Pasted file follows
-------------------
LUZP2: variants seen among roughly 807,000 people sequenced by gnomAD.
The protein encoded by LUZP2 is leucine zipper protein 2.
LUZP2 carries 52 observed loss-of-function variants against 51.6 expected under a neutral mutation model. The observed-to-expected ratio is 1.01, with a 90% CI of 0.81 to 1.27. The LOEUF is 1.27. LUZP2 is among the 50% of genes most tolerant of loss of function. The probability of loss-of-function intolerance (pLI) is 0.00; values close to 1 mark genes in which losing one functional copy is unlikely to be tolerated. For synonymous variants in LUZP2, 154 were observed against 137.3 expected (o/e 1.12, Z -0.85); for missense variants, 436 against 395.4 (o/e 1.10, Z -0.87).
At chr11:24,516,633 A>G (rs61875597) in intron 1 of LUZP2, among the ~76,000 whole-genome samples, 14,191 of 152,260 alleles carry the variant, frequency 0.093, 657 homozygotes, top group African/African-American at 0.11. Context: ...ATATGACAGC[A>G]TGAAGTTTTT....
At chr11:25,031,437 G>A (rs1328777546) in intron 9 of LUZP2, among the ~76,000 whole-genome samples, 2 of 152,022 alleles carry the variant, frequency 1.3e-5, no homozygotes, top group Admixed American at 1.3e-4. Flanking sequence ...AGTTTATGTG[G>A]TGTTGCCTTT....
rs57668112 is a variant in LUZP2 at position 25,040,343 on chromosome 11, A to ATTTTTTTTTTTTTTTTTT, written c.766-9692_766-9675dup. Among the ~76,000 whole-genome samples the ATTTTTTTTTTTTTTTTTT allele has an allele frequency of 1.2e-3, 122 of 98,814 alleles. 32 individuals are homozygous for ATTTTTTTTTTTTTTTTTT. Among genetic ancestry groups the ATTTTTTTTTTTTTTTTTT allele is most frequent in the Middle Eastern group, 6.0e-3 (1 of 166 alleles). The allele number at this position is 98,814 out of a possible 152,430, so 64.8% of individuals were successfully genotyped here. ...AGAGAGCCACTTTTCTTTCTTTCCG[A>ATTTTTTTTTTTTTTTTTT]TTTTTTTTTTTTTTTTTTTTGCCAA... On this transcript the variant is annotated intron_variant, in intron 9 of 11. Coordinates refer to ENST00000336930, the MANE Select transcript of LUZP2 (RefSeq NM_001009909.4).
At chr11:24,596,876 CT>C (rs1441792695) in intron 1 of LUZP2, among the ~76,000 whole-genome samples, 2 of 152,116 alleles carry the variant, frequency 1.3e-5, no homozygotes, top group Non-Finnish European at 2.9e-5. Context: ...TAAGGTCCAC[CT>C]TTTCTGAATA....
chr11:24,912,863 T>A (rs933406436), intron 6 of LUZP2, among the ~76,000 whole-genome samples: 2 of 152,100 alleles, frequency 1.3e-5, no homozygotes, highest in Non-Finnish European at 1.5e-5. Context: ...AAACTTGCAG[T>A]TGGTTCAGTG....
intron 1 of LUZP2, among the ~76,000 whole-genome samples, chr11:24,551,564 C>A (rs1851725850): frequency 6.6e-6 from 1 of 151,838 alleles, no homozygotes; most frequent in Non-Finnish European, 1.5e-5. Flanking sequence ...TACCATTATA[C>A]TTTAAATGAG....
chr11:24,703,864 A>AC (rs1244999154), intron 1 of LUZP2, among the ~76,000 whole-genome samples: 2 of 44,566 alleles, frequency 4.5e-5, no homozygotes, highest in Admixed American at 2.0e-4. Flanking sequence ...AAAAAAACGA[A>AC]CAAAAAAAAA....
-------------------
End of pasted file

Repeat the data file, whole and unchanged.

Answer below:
LUZP2: variants seen among roughly 807,000 people sequenced by gnomAD.
The protein encoded by LUZP2 is leucine zipper protein 2.
LUZP2 carries 52 observed loss-of-function variants against 51.6 expected under a neutral mutation model. The observed-to-expected ratio is 1.01, with a 90% CI of 0.81 to 1.27. The LOEUF is 1.27. LUZP2 is among the 50% of genes most tolerant of loss of function. The probability of loss-of-function intolerance (pLI) is 0.00; values close to 1 mark genes in which losing one functional copy is unlikely to be tolerated. For synonymous variants in LUZP2, 154 were observed against 137.3 expected (o/e 1.12, Z -0.85); for missense variants, 436 against 395.4 (o/e 1.10, Z -0.87).
At chr11:24,516,633 A>G (rs61875597) in intron 1 of LUZP2, among the ~76,000 whole-genome samples, 14,191 of 152,260 alleles carry the variant, frequency 0.093, 657 homozygotes, top group African/African-American at 0.11. Context: ...ATATGACAGC[A>G]TGAAGTTTTT....
At chr11:25,031,437 G>A (rs1328777546) in intron 9 of LUZP2, among the ~76,000 whole-genome samples, 2 of 152,022 alleles carry the variant, frequency 1.3e-5, no homozygotes, top group Admixed American at 1.3e-4. Flanking sequence ...AGTTTATGTG[G>A]TGTTGCCTTT....
rs57668112 is a variant in LUZP2 at position 25,040,343 on chromosome 11, A to ATTTTTTTTTTTTTTTTTT, written c.766-9692_766-9675dup. Among the ~76,000 whole-genome samples the ATTTTTTTTTTTTTTTTTT allele has an allele frequency of 1.2e-3, 122 of 98,814 alleles. 32 individuals are homozygous for ATTTTTTTTTTTTTTTTTT. Among genetic ancestry groups the ATTTTTTTTTTTTTTTTTT allele is most frequent in the Middle Eastern group, 6.0e-3 (1 of 166 alleles). The allele number at this position is 98,814 out of a possible 152,430, so 64.8% of individuals were successfully genotyped here. ...AGAGAGCCACTTTTCTTTCTTTCCG[A>ATTTTTTTTTTTTTTTTTT]TTTTTTTTTTTTTTTTTTTTGCCAA... On this transcript the variant is annotated intron_variant, in intron 9 of 11. Coordinates refer to ENST00000336930, the MANE Select transcript of LUZP2 (RefSeq NM_001009909.4).
At chr11:24,596,876 CT>C (rs1441792695) in intron 1 of LUZP2, among the ~76,000 whole-genome samples, 2 of 152,116 alleles carry the variant, frequency 1.3e-5, no homozygotes, top group Non-Finnish European at 2.9e-5. Context: ...TAAGGTCCAC[CT>C]TTTCTGAATA....
chr11:24,912,863 T>A (rs933406436), intron 6 of LUZP2, among the ~76,000 whole-genome samples: 2 of 152,100 alleles, frequency 1.3e-5, no homozygotes, highest in Non-Finnish European at 1.5e-5. Context: ...AAACTTGCAG[T>A]TGGTTCAGTG....
intron 1 of LUZP2, among the ~76,000 whole-genome samples, chr11:24,551,564 C>A (rs1851725850): frequency 6.6e-6 from 1 of 151,838 alleles, no homozygotes; most frequent in Non-Finnish European, 1.5e-5. Flanking sequence ...TACCATTATA[C>A]TTTAAATGAG....
chr11:24,703,864 A>AC (rs1244999154), intron 1 of LUZP2, among the ~76,000 whole-genome samples: 2 of 44,566 alleles, frequency 4.5e-5, no homozygotes, highest in Admixed American at 2.0e-4. Flanking sequence ...AAAAAAACGA[A>AC]CAAAAAAAAA....